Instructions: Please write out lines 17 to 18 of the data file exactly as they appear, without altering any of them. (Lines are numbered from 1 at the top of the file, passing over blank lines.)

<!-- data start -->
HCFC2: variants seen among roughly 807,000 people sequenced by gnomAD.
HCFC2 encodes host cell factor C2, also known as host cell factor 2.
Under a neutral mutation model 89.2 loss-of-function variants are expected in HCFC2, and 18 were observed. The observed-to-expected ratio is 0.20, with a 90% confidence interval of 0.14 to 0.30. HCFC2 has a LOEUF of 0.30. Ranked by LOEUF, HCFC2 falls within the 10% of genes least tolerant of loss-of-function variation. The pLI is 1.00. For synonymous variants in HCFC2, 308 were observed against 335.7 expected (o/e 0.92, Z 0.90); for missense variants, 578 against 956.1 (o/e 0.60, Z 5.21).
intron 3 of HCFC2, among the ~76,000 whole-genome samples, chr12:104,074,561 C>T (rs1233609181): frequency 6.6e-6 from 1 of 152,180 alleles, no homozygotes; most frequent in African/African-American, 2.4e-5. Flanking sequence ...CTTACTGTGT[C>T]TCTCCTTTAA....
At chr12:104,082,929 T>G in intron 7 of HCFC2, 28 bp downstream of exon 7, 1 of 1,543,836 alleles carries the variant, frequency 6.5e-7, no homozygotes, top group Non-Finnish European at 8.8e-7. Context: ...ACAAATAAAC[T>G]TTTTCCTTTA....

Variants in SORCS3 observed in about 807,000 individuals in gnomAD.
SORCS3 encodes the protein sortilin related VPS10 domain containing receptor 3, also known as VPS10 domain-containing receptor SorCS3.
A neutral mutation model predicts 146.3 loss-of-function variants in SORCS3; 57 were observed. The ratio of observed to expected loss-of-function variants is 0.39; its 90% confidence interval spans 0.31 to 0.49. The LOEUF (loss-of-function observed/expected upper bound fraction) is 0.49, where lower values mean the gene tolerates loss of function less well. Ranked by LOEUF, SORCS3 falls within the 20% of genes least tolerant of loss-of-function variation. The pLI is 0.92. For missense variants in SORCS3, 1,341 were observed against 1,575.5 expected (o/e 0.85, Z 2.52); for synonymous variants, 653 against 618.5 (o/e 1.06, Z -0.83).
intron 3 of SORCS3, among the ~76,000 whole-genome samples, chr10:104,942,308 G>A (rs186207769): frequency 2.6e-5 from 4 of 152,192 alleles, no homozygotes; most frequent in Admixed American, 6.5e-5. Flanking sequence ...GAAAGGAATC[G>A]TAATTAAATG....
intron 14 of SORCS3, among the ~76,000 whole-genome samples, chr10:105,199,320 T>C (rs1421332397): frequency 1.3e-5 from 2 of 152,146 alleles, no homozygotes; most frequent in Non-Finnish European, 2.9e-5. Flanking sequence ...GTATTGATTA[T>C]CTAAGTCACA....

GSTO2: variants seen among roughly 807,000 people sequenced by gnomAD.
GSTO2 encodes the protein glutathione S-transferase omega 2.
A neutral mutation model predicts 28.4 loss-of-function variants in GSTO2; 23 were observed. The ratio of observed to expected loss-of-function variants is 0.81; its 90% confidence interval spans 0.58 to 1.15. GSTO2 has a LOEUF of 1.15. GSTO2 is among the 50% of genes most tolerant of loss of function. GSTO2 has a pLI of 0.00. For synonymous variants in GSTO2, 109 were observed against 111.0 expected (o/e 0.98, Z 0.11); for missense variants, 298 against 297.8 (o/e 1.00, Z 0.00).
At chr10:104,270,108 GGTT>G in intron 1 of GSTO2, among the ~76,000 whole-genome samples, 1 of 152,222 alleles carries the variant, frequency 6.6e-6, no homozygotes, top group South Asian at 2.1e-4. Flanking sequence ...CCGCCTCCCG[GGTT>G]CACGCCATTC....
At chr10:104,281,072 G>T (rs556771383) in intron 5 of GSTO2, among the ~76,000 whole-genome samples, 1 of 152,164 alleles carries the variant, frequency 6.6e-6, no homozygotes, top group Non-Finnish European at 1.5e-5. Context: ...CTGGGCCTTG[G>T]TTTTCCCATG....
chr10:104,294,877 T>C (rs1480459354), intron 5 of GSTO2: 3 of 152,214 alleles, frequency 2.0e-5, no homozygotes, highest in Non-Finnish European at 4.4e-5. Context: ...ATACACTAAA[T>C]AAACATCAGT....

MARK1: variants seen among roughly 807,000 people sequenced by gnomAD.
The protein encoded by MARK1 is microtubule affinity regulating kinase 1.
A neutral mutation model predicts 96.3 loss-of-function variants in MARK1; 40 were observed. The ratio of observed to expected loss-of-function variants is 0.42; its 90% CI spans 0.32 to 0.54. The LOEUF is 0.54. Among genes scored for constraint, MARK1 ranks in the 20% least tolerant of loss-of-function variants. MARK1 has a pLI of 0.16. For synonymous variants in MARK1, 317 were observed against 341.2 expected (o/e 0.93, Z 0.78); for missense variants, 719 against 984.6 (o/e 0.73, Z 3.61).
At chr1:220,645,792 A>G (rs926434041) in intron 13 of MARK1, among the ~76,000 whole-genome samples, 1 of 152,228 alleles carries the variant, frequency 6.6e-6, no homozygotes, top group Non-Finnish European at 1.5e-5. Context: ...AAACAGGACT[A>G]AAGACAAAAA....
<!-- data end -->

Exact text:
MARK1: variants seen among roughly 807,000 people sequenced by gnomAD.
The protein encoded by MARK1 is microtubule affinity regulating kinase 1.